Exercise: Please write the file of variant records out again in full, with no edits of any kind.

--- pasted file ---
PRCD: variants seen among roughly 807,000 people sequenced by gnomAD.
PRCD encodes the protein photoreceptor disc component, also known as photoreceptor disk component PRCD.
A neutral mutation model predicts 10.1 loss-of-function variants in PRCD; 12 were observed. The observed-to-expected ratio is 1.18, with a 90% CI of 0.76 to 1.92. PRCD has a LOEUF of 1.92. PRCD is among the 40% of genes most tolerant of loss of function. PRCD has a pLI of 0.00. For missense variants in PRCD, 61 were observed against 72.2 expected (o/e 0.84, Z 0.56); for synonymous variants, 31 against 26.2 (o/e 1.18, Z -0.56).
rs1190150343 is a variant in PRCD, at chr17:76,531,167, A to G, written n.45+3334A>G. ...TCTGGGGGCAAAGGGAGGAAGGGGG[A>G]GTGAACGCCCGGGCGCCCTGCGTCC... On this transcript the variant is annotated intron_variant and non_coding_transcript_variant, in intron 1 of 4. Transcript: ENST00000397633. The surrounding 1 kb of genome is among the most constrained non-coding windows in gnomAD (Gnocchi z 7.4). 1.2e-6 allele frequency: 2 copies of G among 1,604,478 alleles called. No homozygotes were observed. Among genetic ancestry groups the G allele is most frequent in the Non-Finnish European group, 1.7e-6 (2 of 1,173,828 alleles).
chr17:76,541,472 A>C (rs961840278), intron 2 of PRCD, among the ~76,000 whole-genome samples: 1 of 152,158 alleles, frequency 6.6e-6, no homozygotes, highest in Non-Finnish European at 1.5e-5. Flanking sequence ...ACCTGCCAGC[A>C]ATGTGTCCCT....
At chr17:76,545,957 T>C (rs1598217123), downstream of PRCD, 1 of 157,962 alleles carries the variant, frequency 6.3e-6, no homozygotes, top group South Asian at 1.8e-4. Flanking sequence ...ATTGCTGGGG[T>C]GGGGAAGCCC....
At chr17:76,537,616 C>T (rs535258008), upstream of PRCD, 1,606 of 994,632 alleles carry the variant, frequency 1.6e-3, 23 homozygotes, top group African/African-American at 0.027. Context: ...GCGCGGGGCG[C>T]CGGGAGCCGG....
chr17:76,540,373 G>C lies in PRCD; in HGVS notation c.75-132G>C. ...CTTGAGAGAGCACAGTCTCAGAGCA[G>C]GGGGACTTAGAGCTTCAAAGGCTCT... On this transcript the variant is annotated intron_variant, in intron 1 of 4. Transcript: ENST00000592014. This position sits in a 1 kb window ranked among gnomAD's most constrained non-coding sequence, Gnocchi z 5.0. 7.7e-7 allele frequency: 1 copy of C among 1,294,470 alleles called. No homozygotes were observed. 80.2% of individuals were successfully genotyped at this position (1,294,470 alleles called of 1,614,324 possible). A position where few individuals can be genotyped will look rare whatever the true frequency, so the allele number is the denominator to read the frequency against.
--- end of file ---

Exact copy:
PRCD: variants seen among roughly 807,000 people sequenced by gnomAD.
PRCD encodes the protein photoreceptor disc component, also known as photoreceptor disk component PRCD.
A neutral mutation model predicts 10.1 loss-of-function variants in PRCD; 12 were observed. The observed-to-expected ratio is 1.18, with a 90% CI of 0.76 to 1.92. PRCD has a LOEUF of 1.92. PRCD is among the 40% of genes most tolerant of loss of function. PRCD has a pLI of 0.00. For missense variants in PRCD, 61 were observed against 72.2 expected (o/e 0.84, Z 0.56); for synonymous variants, 31 against 26.2 (o/e 1.18, Z -0.56).
rs1190150343 is a variant in PRCD, at chr17:76,531,167, A to G, written n.45+3334A>G. ...TCTGGGGGCAAAGGGAGGAAGGGGG[A>G]GTGAACGCCCGGGCGCCCTGCGTCC... On this transcript the variant is annotated intron_variant and non_coding_transcript_variant, in intron 1 of 4. Transcript: ENST00000397633. The surrounding 1 kb of genome is among the most constrained non-coding windows in gnomAD (Gnocchi z 7.4). 1.2e-6 allele frequency: 2 copies of G among 1,604,478 alleles called. No homozygotes were observed. Among genetic ancestry groups the G allele is most frequent in the Non-Finnish European group, 1.7e-6 (2 of 1,173,828 alleles).
chr17:76,541,472 A>C (rs961840278), intron 2 of PRCD, among the ~76,000 whole-genome samples: 1 of 152,158 alleles, frequency 6.6e-6, no homozygotes, highest in Non-Finnish European at 1.5e-5. Flanking sequence ...ACCTGCCAGC[A>C]ATGTGTCCCT....
At chr17:76,545,957 T>C (rs1598217123), downstream of PRCD, 1 of 157,962 alleles carries the variant, frequency 6.3e-6, no homozygotes, top group South Asian at 1.8e-4. Flanking sequence ...ATTGCTGGGG[T>C]GGGGAAGCCC....
At chr17:76,537,616 C>T (rs535258008), upstream of PRCD, 1,606 of 994,632 alleles carry the variant, frequency 1.6e-3, 23 homozygotes, top group African/African-American at 0.027. Context: ...GCGCGGGGCG[C>T]CGGGAGCCGG....
chr17:76,540,373 G>C lies in PRCD; in HGVS notation c.75-132G>C. ...CTTGAGAGAGCACAGTCTCAGAGCA[G>C]GGGGACTTAGAGCTTCAAAGGCTCT... On this transcript the variant is annotated intron_variant, in intron 1 of 4. Transcript: ENST00000592014. This position sits in a 1 kb window ranked among gnomAD's most constrained non-coding sequence, Gnocchi z 5.0. 7.7e-7 allele frequency: 1 copy of C among 1,294,470 alleles called. No homozygotes were observed. 80.2% of individuals were successfully genotyped at this position (1,294,470 alleles called of 1,614,324 possible). A position where few individuals can be genotyped will look rare whatever the true frequency, so the allele number is the denominator to read the frequency against.